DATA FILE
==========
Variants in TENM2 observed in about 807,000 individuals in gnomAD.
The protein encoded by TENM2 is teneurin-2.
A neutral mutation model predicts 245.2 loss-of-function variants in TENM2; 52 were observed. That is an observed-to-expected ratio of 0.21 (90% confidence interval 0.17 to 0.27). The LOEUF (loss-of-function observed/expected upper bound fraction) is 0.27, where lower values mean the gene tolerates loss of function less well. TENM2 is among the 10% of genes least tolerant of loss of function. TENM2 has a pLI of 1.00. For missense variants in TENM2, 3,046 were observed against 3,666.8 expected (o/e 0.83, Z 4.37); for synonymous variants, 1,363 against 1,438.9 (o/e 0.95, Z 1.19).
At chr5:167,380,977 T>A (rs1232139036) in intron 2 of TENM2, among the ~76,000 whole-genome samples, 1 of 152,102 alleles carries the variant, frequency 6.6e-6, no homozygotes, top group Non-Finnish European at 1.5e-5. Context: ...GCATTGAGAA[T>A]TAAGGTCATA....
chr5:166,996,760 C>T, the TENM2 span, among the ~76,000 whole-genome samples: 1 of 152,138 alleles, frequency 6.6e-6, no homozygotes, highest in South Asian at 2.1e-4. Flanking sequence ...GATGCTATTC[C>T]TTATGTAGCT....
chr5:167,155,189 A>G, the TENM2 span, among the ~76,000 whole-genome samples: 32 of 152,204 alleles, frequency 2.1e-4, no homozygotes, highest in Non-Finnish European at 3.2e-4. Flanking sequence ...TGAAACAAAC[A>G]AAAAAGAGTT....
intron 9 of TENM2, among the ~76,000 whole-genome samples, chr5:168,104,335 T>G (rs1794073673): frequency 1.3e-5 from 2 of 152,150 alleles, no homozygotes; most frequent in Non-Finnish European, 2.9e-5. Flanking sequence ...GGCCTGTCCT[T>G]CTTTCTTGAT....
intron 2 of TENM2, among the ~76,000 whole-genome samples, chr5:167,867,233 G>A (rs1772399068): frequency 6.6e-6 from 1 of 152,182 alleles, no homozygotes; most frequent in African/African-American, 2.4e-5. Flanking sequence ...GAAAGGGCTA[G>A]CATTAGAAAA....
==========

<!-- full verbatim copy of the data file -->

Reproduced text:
Variants in TENM2 observed in about 807,000 individuals in gnomAD.
The protein encoded by TENM2 is teneurin-2.
A neutral mutation model predicts 245.2 loss-of-function variants in TENM2; 52 were observed. That is an observed-to-expected ratio of 0.21 (90% confidence interval 0.17 to 0.27). The LOEUF (loss-of-function observed/expected upper bound fraction) is 0.27, where lower values mean the gene tolerates loss of function less well. TENM2 is among the 10% of genes least tolerant of loss of function. TENM2 has a pLI of 1.00. For missense variants in TENM2, 3,046 were observed against 3,666.8 expected (o/e 0.83, Z 4.37); for synonymous variants, 1,363 against 1,438.9 (o/e 0.95, Z 1.19).
At chr5:167,380,977 T>A (rs1232139036) in intron 2 of TENM2, among the ~76,000 whole-genome samples, 1 of 152,102 alleles carries the variant, frequency 6.6e-6, no homozygotes, top group Non-Finnish European at 1.5e-5. Context: ...GCATTGAGAA[T>A]TAAGGTCATA....
chr5:166,996,760 C>T, the TENM2 span, among the ~76,000 whole-genome samples: 1 of 152,138 alleles, frequency 6.6e-6, no homozygotes, highest in South Asian at 2.1e-4. Flanking sequence ...GATGCTATTC[C>T]TTATGTAGCT....
chr5:167,155,189 A>G, the TENM2 span, among the ~76,000 whole-genome samples: 32 of 152,204 alleles, frequency 2.1e-4, no homozygotes, highest in Non-Finnish European at 3.2e-4. Flanking sequence ...TGAAACAAAC[A>G]AAAAAGAGTT....
intron 9 of TENM2, among the ~76,000 whole-genome samples, chr5:168,104,335 T>G (rs1794073673): frequency 1.3e-5 from 2 of 152,150 alleles, no homozygotes; most frequent in Non-Finnish European, 2.9e-5. Flanking sequence ...GGCCTGTCCT[T>G]CTTTCTTGAT....
intron 2 of TENM2, among the ~76,000 whole-genome samples, chr5:167,867,233 G>A (rs1772399068): frequency 6.6e-6 from 1 of 152,182 alleles, no homozygotes; most frequent in African/African-American, 2.4e-5. Flanking sequence ...GAAAGGGCTA[G>A]CATTAGAAAA....